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House of Lords

Tuesday, 13th October 1998.

The House met at half-past two of the clock: The LORD CHANCELLOR on the Woolsack.

Prayers--Read by the Lord Bishop of Norwich.

Lord Ahmed

Nazir Ahmed, Esquire, having been created Baron Ahmed, of Rotherham in the County of South Yorkshire, for life--Was, in his robes, introduced between the Baroness Ramsay of Cartvale and the Lord Davies of Coity.

Lord Hanningfield

Paul Edward Winston White, Esquire, having been created Baron Hanningfield, of Chelmsford in the County of Essex, for life--Was, in his robes, introduced between the Baroness Platt of Writtle and the Lord Dixon-Smith.

Drug Prices

2.48 p.m.

Lord Ashley of Stoke asked Her Majesty's Government:

    Whether they will review the NHS medical drug pricing system.

The Parliamentary Under-Secretary of State, Department of Health (Baroness Hayman): My Lords, the Government are currently reviewing their arrangements for controlling the price of medicines for the National Health Service. We are in discussions with the Association of the British Pharmaceutical Industry about the future of the PPRS, a system for regulating the prices of branded prescription medicines supplied to the NHS. We will make announcements about the shape of the new scheme when the discussions have been concluded and decisions on future policy taken.

Lord Ashley of Stoke: My Lords, I thank my noble friend for that Answer. Does she agree that the pharmaceutical industry has a tremendous list of achievements to its credit but that that does not excuse the exploitation of a number of drugs by some firms? Have the Government investigated the case of syntometrine, which is the drug given in virtually all cases of childbirth to prevent haemorrhage? She will recall that the price was increased eightfold overnight and that was within the PPRS. What is the Government's view of that massive overnight price increase? What are they doing to prevent such exploitation?

Baroness Hayman: My Lords, I am aware of the case, and other comparable cases, to which my noble

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friend alludes. The PPRS requires that any price changes should be agreed with the Department of Health. Such agreement was not reached in the case to which he refers. It is a matter of concern and the department is trying satisfactorily to resolve the situation. Any new scheme must take into account the fact that such problems occur and ensure full compliance with its terms.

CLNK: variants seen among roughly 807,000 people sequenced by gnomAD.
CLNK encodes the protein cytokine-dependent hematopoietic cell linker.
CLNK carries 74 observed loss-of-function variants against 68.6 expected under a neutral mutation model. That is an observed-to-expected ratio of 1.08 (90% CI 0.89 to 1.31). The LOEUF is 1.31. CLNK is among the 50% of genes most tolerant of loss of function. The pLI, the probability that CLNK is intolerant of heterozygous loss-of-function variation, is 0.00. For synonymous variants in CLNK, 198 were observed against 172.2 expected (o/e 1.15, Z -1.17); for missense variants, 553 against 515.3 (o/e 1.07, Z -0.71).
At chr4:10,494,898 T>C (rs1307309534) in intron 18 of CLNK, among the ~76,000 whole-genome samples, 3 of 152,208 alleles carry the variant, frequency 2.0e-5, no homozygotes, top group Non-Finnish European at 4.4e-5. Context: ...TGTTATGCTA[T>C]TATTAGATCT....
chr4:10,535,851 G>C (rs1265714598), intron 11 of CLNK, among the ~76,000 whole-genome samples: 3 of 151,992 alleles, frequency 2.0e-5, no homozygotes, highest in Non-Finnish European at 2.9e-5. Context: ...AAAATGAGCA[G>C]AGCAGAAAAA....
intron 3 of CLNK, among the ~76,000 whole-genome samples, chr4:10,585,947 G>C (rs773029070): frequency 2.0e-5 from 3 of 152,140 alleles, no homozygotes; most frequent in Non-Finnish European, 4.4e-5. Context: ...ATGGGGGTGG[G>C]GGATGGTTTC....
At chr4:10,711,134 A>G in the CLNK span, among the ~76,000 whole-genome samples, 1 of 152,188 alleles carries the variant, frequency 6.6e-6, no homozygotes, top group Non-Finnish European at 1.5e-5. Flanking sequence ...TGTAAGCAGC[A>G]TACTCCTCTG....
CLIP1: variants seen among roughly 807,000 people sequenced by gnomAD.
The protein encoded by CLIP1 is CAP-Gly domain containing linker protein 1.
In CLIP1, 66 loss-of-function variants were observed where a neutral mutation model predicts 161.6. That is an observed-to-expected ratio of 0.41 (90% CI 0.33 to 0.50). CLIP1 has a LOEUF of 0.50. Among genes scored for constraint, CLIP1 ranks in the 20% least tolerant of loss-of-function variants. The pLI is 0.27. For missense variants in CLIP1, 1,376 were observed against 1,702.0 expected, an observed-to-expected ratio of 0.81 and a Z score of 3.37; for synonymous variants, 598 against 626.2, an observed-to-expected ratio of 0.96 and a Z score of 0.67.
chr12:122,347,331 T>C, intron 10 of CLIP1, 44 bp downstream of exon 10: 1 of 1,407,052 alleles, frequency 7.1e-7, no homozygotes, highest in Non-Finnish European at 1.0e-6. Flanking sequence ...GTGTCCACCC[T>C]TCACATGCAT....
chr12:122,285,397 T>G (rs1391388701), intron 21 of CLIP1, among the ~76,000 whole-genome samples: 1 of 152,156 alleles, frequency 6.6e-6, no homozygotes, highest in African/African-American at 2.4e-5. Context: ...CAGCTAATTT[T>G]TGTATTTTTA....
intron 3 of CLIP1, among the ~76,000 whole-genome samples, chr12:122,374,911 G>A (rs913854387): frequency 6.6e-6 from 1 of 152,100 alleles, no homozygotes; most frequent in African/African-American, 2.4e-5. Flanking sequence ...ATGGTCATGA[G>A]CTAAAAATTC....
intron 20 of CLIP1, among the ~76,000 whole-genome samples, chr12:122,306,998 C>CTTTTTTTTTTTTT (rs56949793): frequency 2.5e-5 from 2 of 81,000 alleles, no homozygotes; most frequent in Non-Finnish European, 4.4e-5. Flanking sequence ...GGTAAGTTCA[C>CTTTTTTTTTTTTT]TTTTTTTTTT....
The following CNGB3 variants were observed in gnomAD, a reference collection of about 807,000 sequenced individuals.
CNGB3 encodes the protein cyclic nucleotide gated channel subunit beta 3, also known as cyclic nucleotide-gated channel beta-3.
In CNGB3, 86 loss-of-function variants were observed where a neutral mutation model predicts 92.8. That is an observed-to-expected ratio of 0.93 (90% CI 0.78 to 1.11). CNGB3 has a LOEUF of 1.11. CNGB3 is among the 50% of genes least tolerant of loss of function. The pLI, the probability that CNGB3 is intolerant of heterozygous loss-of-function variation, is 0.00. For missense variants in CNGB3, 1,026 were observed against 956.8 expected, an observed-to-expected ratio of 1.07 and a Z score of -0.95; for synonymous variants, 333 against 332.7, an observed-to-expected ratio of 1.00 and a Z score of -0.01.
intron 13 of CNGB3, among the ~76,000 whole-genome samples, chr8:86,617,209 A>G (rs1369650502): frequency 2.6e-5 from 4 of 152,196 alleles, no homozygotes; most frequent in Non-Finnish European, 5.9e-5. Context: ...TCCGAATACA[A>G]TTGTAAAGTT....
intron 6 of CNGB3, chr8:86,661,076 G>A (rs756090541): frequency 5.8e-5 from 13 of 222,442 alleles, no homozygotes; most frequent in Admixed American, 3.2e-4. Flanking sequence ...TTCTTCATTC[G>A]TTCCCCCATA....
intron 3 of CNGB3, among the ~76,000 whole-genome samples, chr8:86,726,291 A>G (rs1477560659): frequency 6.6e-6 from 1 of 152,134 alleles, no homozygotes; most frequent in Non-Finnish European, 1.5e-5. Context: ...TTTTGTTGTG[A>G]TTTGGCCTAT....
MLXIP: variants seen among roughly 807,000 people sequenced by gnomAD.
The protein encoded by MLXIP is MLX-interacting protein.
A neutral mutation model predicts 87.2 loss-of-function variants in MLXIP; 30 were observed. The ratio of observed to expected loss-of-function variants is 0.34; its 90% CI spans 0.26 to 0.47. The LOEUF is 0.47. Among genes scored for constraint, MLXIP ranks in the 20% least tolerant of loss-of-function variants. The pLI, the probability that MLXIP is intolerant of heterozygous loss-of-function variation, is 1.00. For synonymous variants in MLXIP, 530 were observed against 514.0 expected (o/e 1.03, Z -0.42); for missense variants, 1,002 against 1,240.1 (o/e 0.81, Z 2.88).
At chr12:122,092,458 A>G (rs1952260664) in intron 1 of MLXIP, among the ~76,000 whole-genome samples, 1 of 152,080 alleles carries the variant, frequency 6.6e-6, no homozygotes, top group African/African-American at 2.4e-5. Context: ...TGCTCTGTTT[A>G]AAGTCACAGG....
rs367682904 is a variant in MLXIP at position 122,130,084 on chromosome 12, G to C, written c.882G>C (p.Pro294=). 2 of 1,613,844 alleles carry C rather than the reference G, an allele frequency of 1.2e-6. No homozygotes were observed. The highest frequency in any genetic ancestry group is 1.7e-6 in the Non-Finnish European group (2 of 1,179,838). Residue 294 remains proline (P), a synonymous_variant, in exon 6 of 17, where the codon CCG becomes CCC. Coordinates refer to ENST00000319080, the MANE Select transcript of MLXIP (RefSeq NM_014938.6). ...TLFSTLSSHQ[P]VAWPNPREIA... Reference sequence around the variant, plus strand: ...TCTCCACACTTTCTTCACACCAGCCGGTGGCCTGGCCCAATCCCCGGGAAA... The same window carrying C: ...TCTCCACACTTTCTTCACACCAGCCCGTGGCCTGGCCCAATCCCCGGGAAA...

Earl Howe: My Lords, this is the first opportunity I have had from these Benches to congratulate the noble Baroness on her appointment to her new position in the Government. I do so most warmly. Does she agree that an effective way of reducing the NHS drugs bill is to encourage doctors to prescribe generic medicines, where they exist, rather than branded medicines? If she does agree can she say what incentives or levers there will be for doctors within the new primary care groups to prescribe generic rather than branded products?

Baroness Hayman: My Lords, I am grateful to the noble Earl for his welcome, his kind words and his constructive and helpful question. Generic prescribing is an important way of containing the cost of the drugs budget while at the same time ensuring that the needs of patients are met. The primary care groups will provide great opportunities for encouraging generic prescribing through the spreading of good practice, the implementation of the information systems which can support effective prescribing--for instance, the new PRODIGY system--and through uniform budgets ensuring that the relative costs of the various healthcare provisions are properly assessed one against the other.

Lord Dean of Beswick: My Lords, expensive drugs which would be of immense benefit to certain categories of patients are not presently available through the National Health Service because of their price. Can the price of such important drugs, especially those used in the treatment of cancer, be negotiated in order to make them available to sufferers who would benefit from them?

Baroness Hayman: My Lords, we are concerned that any system of price regulation encourages the uptake of beneficial medicines and pharmaceuticals whose expense can often be offset by savings on, for example, the cost of hospital admissions. We hope that the proposals for the evaluation of new treatments on the basis of their clinical and cost effectiveness carried out by the National Institute for Clinical Excellence will ensure not only cost effective prescribing of what is available but the proper and universal adoption of new treatments which may be beneficial.

Baroness Knight of Collingtree: My Lords, will the Minister consider the possibility of putting on all NHS prescriptions the actual value of the prescription, which is always well above the sum asked for in a prescription charge? Would that not be advantageous?